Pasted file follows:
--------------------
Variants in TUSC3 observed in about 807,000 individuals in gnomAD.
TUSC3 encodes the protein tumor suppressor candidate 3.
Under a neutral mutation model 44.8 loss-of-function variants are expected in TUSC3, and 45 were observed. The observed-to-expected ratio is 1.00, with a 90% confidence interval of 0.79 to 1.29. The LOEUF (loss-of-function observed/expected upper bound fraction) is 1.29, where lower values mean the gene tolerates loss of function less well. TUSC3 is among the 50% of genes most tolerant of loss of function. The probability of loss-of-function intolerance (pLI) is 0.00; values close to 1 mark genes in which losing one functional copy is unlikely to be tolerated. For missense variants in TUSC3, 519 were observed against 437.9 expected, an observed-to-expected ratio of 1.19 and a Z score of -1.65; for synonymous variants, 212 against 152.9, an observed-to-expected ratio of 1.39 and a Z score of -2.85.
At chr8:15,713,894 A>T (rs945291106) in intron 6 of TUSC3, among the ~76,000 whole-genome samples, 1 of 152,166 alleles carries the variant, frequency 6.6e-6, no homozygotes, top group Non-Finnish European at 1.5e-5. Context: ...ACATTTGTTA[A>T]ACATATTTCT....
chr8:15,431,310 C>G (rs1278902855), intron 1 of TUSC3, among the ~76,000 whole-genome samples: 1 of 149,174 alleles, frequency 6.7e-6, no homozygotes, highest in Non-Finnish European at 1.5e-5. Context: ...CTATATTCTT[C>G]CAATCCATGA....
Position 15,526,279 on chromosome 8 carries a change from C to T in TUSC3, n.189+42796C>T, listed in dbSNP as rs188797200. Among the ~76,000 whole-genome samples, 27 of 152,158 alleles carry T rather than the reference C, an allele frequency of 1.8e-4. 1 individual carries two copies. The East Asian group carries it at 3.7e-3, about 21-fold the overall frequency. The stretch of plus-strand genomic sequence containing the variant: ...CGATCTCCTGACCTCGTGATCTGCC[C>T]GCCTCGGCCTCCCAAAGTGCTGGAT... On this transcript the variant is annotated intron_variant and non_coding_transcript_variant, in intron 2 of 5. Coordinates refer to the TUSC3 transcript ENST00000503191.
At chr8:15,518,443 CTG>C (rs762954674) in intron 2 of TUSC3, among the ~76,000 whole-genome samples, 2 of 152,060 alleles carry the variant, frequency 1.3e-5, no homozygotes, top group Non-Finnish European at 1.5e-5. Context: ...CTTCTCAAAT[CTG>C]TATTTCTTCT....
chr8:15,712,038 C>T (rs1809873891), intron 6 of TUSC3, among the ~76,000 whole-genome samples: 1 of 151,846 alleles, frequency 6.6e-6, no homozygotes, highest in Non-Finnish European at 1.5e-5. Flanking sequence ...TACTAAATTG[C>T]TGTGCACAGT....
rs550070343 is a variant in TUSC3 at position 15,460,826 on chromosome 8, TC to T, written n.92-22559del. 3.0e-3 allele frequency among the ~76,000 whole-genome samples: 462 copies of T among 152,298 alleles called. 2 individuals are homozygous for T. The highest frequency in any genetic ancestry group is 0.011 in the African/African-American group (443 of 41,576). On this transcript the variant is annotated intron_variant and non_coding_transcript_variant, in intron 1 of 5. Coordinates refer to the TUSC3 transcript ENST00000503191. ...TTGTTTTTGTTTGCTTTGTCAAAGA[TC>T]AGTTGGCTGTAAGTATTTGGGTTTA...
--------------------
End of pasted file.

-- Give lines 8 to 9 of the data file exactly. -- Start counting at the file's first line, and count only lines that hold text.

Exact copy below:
chr8:15,712,038 C>T (rs1809873891), intron 6 of TUSC3, among the ~76,000 whole-genome samples: 1 of 151,846 alleles, frequency 6.6e-6, no homozygotes, highest in Non-Finnish European at 1.5e-5. Flanking sequence ...TACTAAATTG[C>T]TGTGCACAGT....
rs550070343 is a variant in TUSC3 at position 15,460,826 on chromosome 8, TC to T, written n.92-22559del. 3.0e-3 allele frequency among the ~76,000 whole-genome samples: 462 copies of T among 152,298 alleles called. 2 individuals are homozygous for T. The highest frequency in any genetic ancestry group is 0.011 in the African/African-American group (443 of 41,576). On this transcript the variant is annotated intron_variant and non_coding_transcript_variant, in intron 1 of 5. Coordinates refer to the TUSC3 transcript ENST00000503191. ...TTGTTTTTGTTTGCTTTGTCAAAGA[TC>T]AGTTGGCTGTAAGTATTTGGGTTTA...